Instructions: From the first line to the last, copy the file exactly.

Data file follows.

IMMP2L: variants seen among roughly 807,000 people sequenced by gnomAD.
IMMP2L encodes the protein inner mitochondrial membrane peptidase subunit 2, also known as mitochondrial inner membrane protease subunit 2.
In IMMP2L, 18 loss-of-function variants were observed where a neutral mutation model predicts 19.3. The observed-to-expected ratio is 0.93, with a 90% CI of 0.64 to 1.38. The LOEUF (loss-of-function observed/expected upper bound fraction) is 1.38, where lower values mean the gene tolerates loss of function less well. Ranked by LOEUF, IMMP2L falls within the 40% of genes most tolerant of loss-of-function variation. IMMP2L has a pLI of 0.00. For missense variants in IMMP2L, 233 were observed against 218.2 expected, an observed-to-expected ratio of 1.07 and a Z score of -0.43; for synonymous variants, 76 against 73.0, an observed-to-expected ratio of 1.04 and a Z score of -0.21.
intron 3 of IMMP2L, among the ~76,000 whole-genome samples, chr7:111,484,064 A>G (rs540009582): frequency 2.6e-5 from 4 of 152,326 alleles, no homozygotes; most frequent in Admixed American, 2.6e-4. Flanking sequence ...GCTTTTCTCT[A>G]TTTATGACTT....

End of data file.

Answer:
IMMP2L: variants seen among roughly 807,000 people sequenced by gnomAD.
IMMP2L encodes the protein inner mitochondrial membrane peptidase subunit 2, also known as mitochondrial inner membrane protease subunit 2.
In IMMP2L, 18 loss-of-function variants were observed where a neutral mutation model predicts 19.3. The observed-to-expected ratio is 0.93, with a 90% CI of 0.64 to 1.38. The LOEUF (loss-of-function observed/expected upper bound fraction) is 1.38, where lower values mean the gene tolerates loss of function less well. Ranked by LOEUF, IMMP2L falls within the 40% of genes most tolerant of loss-of-function variation. IMMP2L has a pLI of 0.00. For missense variants in IMMP2L, 233 were observed against 218.2 expected, an observed-to-expected ratio of 1.07 and a Z score of -0.43; for synonymous variants, 76 against 73.0, an observed-to-expected ratio of 1.04 and a Z score of -0.21.
intron 3 of IMMP2L, among the ~76,000 whole-genome samples, chr7:111,484,064 A>G (rs540009582): frequency 2.6e-5 from 4 of 152,326 alleles, no homozygotes; most frequent in Admixed American, 2.6e-4. Flanking sequence ...GCTTTTCTCT[A>G]TTTATGACTT....